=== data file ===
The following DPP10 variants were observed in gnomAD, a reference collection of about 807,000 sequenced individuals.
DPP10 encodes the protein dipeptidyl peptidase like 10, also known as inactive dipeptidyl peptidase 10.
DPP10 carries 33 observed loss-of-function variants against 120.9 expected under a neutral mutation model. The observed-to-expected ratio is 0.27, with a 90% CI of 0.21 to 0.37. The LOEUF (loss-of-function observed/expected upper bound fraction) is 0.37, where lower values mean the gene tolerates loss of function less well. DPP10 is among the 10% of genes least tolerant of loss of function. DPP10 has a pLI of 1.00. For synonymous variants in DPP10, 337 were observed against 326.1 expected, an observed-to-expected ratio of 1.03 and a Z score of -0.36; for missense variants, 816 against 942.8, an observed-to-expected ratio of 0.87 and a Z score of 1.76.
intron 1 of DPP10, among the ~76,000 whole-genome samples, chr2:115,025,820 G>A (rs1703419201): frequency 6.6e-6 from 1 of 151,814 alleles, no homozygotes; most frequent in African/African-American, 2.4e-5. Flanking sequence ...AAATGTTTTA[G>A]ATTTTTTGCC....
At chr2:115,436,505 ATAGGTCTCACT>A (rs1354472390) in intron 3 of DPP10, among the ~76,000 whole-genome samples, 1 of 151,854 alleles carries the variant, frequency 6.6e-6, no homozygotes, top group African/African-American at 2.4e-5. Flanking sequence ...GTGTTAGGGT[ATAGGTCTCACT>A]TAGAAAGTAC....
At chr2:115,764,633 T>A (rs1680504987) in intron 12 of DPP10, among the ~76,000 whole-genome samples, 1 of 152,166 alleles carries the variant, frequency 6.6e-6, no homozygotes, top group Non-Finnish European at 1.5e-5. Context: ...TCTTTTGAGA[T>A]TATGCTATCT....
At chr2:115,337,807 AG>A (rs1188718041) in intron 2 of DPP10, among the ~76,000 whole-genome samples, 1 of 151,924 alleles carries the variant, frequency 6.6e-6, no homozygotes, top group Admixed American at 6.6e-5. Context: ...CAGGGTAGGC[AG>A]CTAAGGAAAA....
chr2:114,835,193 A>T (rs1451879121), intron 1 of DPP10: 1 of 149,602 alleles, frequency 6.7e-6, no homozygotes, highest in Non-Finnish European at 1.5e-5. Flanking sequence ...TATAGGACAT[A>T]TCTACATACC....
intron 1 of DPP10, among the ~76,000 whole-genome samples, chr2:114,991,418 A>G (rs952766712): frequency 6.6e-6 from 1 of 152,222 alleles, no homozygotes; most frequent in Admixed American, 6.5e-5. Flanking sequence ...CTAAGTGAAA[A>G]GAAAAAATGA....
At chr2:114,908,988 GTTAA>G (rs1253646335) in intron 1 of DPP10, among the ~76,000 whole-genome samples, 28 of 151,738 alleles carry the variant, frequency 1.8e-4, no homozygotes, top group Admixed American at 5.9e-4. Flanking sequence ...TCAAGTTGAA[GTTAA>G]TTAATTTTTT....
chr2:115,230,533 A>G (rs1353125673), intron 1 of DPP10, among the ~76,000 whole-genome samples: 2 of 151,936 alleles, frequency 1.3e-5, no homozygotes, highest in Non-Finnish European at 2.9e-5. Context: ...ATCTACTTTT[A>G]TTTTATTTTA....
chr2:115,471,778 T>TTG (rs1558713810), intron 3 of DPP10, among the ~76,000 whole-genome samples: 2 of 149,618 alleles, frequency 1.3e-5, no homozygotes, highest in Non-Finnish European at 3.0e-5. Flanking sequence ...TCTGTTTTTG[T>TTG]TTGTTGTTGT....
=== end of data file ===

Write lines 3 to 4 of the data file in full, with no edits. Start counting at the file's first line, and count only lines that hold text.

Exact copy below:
DPP10 carries 33 observed loss-of-function variants against 120.9 expected under a neutral mutation model. The observed-to-expected ratio is 0.27, with a 90% CI of 0.21 to 0.37. The LOEUF (loss-of-function observed/expected upper bound fraction) is 0.37, where lower values mean the gene tolerates loss of function less well. DPP10 is among the 10% of genes least tolerant of loss of function. DPP10 has a pLI of 1.00. For synonymous variants in DPP10, 337 were observed against 326.1 expected, an observed-to-expected ratio of 1.03 and a Z score of -0.36; for missense variants, 816 against 942.8, an observed-to-expected ratio of 0.87 and a Z score of 1.76.
intron 1 of DPP10, among the ~76,000 whole-genome samples, chr2:115,025,820 G>A (rs1703419201): frequency 6.6e-6 from 1 of 151,814 alleles, no homozygotes; most frequent in African/African-American, 2.4e-5. Flanking sequence ...AAATGTTTTA[G>A]ATTTTTTGCC....